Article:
Additionally, grab that pop filter and a windscreen while you’re at it. This will diminish any popping or whooshing noise from the speaker or the environment. All these tools will help you create a polished sound that feels truly studio-quality. More on equipment, here

Learn how to use your equipment. 

This one might sound super intuitive. But, you would be surprised to know just how many podcasters don’t know how to use their equipment. In order to take full advantage of your equipment, and to be able to utilize ALL helpful features and special effects, READ THE USER MANUALS! This small time investment will pay off big time later – just trust us!

Experiment with a variety of microphone techniques. 

If you’re unhappy with the way your audio is coming out, experimenting with different mic techniques is a great idea. Not everyone needs to kiss the mic like a metal band screamer or hold it the mic a foot from you, like Bob Barker. Try all sorts of positions until you find one that works.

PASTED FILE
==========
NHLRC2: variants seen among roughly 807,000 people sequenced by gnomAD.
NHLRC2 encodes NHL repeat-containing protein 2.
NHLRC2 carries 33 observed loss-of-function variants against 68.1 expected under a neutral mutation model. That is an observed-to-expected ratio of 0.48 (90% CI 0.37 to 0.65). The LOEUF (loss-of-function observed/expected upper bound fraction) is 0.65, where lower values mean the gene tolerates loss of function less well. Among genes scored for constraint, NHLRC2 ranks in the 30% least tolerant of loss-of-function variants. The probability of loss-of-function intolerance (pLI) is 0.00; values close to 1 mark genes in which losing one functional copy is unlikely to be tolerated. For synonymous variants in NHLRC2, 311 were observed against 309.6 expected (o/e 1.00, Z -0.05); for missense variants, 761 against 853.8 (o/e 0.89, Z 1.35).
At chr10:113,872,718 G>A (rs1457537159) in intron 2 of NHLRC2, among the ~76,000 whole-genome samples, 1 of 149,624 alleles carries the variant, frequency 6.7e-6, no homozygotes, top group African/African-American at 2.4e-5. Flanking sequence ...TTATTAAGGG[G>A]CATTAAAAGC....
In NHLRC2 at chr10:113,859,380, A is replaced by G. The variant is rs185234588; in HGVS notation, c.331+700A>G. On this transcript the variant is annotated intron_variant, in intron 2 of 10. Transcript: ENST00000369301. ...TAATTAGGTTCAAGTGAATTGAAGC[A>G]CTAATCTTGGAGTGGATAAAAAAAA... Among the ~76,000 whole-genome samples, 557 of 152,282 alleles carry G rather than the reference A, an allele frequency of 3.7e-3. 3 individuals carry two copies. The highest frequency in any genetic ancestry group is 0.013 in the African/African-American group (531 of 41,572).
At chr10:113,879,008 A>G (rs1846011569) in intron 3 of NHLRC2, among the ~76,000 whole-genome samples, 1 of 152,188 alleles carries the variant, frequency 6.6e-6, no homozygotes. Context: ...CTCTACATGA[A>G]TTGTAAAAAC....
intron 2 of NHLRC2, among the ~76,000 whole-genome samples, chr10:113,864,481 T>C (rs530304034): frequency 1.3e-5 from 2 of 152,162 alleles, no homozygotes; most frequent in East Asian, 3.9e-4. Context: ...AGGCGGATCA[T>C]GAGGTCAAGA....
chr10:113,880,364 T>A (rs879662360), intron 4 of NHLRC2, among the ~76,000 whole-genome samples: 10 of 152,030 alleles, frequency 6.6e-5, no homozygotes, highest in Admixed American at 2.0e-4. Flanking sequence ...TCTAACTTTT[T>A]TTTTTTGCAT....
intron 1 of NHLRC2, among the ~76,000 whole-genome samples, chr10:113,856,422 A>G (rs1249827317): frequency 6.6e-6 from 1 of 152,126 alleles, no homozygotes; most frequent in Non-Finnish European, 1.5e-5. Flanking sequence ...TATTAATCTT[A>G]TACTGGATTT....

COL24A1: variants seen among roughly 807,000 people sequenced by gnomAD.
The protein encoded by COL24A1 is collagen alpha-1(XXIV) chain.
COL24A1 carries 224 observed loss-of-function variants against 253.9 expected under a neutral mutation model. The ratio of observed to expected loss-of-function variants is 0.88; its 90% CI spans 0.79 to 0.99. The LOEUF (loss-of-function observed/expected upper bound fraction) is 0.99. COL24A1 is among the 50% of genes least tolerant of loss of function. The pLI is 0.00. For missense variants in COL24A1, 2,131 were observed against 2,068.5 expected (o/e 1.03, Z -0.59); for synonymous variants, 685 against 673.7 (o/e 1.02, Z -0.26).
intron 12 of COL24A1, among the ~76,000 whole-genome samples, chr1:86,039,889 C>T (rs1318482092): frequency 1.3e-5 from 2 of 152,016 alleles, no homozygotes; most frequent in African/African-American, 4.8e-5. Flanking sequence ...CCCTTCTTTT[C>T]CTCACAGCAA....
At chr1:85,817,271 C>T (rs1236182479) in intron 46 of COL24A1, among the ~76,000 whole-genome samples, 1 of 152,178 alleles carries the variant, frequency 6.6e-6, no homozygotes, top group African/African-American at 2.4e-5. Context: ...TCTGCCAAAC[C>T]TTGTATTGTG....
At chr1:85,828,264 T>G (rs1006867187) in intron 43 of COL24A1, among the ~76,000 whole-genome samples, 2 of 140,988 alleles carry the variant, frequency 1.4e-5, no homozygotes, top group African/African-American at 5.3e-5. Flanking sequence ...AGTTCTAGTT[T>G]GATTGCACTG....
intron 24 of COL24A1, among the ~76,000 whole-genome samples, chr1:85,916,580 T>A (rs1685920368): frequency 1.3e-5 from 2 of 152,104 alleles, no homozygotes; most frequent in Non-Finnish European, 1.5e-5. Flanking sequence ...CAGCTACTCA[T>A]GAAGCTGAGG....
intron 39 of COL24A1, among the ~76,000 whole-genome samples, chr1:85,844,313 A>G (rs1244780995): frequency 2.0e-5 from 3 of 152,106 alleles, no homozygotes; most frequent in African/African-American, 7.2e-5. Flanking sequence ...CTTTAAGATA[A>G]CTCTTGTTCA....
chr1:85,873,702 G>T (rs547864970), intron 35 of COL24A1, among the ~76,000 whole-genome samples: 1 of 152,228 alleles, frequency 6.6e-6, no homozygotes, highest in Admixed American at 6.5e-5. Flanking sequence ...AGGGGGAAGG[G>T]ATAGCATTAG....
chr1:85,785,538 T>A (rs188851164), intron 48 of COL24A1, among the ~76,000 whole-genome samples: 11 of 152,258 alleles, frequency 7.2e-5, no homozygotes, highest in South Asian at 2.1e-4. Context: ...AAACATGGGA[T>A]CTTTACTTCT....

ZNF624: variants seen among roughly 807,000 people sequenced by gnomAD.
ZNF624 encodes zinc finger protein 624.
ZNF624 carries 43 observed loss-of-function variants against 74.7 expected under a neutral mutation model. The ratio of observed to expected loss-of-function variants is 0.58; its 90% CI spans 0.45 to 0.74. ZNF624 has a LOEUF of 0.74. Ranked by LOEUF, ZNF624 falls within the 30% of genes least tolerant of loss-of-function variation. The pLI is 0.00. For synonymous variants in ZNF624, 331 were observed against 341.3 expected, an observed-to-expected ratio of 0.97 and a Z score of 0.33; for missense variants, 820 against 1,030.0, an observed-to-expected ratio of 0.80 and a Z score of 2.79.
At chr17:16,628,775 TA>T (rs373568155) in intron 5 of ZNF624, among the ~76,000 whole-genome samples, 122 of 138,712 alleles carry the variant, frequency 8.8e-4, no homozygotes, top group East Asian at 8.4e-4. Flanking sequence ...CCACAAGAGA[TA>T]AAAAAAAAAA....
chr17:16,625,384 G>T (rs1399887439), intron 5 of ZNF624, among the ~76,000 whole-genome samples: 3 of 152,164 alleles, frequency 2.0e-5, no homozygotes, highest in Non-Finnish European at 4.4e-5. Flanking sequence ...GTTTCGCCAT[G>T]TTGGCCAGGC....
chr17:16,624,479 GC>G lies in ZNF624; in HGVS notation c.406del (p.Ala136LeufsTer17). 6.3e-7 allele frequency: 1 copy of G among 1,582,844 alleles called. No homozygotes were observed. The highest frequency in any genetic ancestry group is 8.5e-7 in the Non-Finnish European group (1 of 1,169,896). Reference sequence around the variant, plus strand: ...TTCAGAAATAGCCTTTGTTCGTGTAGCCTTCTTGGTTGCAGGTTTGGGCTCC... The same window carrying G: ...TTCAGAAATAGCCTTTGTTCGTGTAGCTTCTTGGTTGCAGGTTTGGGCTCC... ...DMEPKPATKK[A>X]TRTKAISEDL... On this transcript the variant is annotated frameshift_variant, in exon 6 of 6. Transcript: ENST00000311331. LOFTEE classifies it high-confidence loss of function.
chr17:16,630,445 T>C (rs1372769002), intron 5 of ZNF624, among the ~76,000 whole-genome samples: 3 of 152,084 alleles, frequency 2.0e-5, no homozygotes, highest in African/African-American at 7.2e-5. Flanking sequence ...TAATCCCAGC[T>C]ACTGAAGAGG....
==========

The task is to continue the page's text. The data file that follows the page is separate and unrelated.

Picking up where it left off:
That being said, you need to keep a consistent distance from your mic. And, you should avoid putting your hands on the mic. You can also try standing up or angling your mic for a better sound. 

Record a high-resolution audio file. 

Compressed files like MP3 and AAC will diminish your audio quality. Even if your delivery was great and your equipment is top-notch, a low-quality file will still make your content sound unprofessional. Recording on a high-resolution audio file will give your voice more depth and power. It’s definitely worth it! 

Utilize separate audio tracks for co-hosts/remote guests.